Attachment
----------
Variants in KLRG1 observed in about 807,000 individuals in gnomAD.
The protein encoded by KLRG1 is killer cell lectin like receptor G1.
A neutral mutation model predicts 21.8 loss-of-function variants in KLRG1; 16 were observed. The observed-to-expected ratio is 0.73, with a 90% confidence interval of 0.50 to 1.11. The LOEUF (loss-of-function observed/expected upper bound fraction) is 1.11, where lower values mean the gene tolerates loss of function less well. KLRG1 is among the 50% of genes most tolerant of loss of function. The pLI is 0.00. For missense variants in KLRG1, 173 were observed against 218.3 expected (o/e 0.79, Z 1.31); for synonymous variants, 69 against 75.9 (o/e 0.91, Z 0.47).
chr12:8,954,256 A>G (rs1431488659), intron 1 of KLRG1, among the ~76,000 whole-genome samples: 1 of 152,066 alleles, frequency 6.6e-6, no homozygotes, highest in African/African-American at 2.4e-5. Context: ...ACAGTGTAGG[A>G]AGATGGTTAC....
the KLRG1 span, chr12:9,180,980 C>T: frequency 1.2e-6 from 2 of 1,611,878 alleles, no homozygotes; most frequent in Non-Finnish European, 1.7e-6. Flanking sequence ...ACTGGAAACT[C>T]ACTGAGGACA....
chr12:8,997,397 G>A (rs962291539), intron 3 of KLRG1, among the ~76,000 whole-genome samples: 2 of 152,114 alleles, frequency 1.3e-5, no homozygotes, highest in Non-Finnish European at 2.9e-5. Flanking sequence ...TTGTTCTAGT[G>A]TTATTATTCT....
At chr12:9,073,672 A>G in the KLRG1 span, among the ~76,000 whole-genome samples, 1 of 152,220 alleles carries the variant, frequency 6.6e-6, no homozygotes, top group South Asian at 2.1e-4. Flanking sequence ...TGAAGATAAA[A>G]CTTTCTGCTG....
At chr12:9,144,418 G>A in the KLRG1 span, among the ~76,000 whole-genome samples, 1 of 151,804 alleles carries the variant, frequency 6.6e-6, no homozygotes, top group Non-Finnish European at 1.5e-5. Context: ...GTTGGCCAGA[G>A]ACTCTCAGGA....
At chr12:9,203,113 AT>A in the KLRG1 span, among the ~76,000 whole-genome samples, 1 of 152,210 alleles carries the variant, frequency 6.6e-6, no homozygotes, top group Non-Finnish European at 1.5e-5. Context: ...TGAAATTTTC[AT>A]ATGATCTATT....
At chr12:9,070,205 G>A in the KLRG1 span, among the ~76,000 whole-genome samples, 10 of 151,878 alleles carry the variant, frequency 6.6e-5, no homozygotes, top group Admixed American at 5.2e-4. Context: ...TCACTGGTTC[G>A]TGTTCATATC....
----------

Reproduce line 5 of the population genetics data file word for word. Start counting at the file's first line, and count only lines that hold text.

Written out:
the KLRG1 span, chr12:9,180,980 C>T: frequency 1.2e-6 from 2 of 1,611,878 alleles, no homozygotes; most frequent in Non-Finnish European, 1.7e-6. Flanking sequence ...ACTGGAAACT[C>T]ACTGAGGACA....